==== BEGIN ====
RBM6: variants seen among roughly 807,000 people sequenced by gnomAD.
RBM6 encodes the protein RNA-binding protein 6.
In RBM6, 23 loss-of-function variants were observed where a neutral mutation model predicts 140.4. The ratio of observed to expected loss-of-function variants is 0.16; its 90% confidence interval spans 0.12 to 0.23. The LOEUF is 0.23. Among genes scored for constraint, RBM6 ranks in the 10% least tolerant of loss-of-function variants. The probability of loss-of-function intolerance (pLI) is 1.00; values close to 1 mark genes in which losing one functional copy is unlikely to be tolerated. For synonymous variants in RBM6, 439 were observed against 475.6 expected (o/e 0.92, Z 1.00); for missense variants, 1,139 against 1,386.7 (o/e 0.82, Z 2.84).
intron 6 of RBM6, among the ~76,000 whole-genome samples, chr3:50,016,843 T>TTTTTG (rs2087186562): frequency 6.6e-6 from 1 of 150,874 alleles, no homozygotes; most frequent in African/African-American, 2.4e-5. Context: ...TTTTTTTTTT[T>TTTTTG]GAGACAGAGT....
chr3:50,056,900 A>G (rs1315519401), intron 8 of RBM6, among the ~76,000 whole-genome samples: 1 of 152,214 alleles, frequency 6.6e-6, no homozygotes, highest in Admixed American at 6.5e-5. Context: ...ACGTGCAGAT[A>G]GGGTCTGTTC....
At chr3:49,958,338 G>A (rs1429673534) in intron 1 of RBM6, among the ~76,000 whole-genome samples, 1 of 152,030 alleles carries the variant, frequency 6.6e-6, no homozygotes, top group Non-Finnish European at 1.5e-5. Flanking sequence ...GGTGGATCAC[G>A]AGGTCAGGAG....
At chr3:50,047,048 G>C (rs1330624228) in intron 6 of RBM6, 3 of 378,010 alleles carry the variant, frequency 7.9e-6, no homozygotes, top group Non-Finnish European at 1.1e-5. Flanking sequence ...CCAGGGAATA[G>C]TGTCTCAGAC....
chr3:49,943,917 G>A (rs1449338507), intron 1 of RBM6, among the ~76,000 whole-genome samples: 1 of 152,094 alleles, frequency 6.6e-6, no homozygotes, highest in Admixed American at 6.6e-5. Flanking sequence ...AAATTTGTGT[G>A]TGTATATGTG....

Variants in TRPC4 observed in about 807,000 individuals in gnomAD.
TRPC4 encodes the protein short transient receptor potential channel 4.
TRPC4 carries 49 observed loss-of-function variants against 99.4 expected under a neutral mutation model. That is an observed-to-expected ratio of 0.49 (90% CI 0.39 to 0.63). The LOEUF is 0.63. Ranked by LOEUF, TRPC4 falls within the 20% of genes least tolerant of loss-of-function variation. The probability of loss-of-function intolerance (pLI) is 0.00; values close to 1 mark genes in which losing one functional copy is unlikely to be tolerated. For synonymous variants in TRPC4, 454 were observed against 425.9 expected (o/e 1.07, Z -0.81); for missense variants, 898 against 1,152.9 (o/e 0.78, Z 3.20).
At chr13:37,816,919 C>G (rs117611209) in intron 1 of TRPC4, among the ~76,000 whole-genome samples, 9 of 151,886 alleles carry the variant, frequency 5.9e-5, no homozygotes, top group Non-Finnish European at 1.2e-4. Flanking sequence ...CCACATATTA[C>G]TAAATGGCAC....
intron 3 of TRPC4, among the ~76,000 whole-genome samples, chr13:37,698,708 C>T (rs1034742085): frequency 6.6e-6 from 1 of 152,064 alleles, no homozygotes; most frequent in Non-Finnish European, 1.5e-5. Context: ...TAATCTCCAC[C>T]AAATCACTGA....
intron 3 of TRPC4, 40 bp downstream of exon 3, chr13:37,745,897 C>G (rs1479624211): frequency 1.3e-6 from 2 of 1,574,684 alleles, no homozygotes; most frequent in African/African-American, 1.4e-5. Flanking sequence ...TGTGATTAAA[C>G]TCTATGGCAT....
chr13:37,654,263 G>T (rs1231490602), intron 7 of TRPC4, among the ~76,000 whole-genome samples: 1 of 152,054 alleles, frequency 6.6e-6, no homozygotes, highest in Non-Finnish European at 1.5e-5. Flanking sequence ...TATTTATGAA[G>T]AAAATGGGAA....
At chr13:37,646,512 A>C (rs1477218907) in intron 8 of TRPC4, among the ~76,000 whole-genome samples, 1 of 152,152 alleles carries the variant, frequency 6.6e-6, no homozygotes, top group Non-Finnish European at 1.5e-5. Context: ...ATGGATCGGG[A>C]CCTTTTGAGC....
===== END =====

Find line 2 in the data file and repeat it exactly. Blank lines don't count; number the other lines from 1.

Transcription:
RBM6 encodes the protein RNA-binding protein 6.